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URB-E wants to replace cargo vans with collapsible bike trailers

System being piloted features an electric bike pulling an 800-pound capacity cargo container around New York City

URB-E believes its electric bike that pulls an 800-pound capacity cargo container can replace a single delivery van in cities, reducing emissions and improving last-mile and on-demand delivery networks. (Photo: URB-E)

Last-mile delivery is in a state of change – if it was ever even settled. Santa Monica, California, is one of the areas testing a zero-emission delivery zone, and cities are pushing for electric vehicles to become the dominant delivery vehicle. In major cities around the world, including New York City, some couriers have turned to bikes as an option. But bikes are limited.

Until now.

URB-E, a Los Angeles-based startup, is hoping to replace not only trucks but bikes with its urban delivery concept. The company’s electric bikes are pulling collapsible containers on small trailers around New York City, producing zero emissions and offering economies of scale for package and grocery delivery not available with existing bike couriers.

“It’s a turnkey infrastructure [solution] for the neighborhood that anyone can use,” URB-E CEO Charles Jolley told Modern Shipper.

Jolley, a veteran executive who has sold two companies to Facebook – conversational artificial intelligence company Ozlo and HTML5 app distribution company Strobe – and served as head of product for Facebook’s mobile platform, recently joined URB-E to help it scale. Founded by ex-Porsche and Fisker engineer Sven Etzelsberger, URB-E recently closed a $5 million Series A round of funding led by UBS Group.

Read: Santa Monica to pilot delivery zones for zero-emissions vehicles

URB-E is building all its own equipment, including the battery-powered bikes that feature swappable batteries to keep the bikes moving. Each battery can power the bike for 10 to 14 miles. The foldable roll-on, roll-off containers can hold up to 800 pounds of cargo, feature a braking system for safety, and when folded, 20 of them take up only a single parking space to make storage easy.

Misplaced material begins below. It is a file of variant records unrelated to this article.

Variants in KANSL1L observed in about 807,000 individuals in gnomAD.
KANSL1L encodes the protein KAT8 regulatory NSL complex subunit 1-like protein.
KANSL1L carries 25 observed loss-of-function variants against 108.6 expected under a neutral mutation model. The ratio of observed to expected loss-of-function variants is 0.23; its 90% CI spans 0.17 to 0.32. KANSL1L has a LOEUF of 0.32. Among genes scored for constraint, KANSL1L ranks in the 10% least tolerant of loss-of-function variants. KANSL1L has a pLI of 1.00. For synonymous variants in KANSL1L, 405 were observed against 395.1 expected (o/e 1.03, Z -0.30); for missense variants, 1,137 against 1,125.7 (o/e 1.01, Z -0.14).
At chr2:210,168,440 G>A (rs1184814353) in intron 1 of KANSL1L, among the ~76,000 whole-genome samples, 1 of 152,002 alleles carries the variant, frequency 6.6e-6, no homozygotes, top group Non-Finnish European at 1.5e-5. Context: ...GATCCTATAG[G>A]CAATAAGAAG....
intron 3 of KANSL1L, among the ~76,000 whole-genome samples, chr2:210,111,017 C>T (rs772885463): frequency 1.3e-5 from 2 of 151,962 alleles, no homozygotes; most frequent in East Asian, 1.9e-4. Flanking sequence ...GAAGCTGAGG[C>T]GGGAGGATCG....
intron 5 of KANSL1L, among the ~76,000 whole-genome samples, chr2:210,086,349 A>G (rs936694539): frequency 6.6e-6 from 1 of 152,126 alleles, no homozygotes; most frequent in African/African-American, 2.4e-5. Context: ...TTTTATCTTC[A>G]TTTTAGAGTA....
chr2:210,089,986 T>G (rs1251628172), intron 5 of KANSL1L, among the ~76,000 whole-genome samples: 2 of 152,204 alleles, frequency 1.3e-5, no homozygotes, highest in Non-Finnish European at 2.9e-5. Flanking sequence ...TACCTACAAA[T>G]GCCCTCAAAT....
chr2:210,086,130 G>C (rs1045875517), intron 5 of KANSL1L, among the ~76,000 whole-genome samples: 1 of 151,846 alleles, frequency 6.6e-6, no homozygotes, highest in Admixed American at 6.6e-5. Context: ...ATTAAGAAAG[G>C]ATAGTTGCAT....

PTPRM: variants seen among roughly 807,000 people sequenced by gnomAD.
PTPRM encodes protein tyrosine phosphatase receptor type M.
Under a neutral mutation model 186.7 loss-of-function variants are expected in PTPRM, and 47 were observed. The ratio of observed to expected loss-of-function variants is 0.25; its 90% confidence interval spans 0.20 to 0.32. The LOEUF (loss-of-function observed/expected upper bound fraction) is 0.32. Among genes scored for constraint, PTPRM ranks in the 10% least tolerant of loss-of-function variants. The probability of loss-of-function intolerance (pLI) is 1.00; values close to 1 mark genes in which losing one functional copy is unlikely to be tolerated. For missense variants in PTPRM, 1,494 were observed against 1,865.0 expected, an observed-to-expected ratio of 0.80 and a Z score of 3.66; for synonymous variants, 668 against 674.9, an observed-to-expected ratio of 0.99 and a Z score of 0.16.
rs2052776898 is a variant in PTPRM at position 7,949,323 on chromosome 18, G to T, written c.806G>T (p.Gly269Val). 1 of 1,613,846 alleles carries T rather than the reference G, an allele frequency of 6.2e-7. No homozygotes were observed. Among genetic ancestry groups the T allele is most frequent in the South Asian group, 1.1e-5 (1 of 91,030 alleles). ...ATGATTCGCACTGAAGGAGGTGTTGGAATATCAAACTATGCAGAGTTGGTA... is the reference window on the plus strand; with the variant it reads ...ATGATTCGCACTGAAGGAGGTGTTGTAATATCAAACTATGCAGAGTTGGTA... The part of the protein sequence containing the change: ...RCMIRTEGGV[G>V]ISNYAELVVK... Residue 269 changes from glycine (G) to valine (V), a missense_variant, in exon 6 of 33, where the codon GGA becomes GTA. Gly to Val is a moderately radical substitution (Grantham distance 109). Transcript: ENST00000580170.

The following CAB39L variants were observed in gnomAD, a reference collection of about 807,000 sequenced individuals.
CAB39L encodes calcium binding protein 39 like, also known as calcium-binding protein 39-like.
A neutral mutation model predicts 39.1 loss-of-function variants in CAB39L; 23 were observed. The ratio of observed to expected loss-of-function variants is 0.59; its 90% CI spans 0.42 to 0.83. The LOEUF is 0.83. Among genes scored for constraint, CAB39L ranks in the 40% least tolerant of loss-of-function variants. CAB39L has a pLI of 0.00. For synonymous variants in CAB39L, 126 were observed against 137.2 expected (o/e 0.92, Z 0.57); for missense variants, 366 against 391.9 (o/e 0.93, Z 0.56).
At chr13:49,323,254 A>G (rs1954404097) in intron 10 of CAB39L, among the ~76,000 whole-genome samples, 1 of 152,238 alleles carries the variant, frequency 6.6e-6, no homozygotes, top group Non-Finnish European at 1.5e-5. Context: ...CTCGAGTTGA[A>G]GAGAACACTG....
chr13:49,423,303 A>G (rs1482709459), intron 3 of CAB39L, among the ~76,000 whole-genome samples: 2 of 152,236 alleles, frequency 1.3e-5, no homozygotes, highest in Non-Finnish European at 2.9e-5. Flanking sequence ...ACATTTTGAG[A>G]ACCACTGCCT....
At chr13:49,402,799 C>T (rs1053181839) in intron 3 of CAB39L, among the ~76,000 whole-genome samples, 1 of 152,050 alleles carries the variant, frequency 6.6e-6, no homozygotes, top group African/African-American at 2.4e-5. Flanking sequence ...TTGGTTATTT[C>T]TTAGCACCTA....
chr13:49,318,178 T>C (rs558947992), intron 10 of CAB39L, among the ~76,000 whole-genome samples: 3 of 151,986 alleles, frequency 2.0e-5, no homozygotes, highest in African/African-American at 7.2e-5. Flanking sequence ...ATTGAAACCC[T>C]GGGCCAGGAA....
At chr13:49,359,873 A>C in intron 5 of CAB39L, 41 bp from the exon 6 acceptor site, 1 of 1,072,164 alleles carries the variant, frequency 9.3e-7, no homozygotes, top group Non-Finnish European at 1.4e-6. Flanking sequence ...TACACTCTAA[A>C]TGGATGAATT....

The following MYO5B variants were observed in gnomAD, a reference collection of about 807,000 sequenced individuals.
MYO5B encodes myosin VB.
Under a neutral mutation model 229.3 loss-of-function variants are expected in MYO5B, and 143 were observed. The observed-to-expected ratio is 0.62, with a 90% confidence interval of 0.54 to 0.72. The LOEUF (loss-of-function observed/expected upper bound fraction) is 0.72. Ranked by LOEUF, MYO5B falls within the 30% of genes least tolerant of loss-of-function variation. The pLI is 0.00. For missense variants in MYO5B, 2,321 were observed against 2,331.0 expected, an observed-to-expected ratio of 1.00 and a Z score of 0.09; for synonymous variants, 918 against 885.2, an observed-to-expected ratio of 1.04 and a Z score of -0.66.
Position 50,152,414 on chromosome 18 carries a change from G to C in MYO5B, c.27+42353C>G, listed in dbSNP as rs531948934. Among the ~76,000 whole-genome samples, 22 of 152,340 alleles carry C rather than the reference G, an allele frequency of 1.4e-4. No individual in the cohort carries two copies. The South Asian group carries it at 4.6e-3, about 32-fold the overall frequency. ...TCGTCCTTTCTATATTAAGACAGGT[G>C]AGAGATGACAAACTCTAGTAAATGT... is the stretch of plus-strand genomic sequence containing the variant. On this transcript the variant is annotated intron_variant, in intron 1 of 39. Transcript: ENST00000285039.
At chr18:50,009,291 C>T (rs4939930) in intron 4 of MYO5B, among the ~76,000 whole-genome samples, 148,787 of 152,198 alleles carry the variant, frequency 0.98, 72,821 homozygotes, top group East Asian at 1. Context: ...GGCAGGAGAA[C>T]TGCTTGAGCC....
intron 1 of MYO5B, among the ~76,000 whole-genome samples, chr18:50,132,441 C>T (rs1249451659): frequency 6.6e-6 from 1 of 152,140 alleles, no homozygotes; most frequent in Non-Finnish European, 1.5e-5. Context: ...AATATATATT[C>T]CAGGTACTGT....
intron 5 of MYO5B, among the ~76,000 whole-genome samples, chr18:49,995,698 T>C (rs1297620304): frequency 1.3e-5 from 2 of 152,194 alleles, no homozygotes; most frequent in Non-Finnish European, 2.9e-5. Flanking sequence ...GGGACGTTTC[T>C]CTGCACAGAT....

“Existing delivery solutions focus on putting more vehicles on the roads of our cities. URB-E is learning from the shipping world and containerizing to make pedal power more efficient than trucks,” said Etzelsberger, who now serves as chief technology officer, in a statement announcing the fundraising. “URB-E’s containers are better for couriers, companies, traffic, parking and the environment.”

Jolley said a single bike and trailer combo can carry between 80% and 90% of what a cargo van can, and it reduces drivee idle time sitting in traffic or loading/unloading.

We think the future of last mile is to replace the 2 to 4 million trucks and vans on the roads with a fleet of smaller vehicles moving folding containers.

Charles jolley, ceo, urb-e

“That’s why the last mile is so expensive and is really a money loser for most same-day [delivery],” he said.

In New York City, the UBR-E bikes can use the bike lanes.

“We think the future of last mile is to replace the 2 to 4 million trucks and vans on the roads with a fleet of smaller vehicles moving around folding containers,” Jolley said.

URB-E owns the fleet of equipment and rents it out as needed. A retailer, restaurant or delivery service provider contracts for the service and pays an hourly rate and perhaps a reservation fee to secure the container. URB-E works with delivery service providers to secure the bike’s drivers. Couriers can drop off empty containers when they pick up a full container so the seller can reload as needed without the bike driver waiting.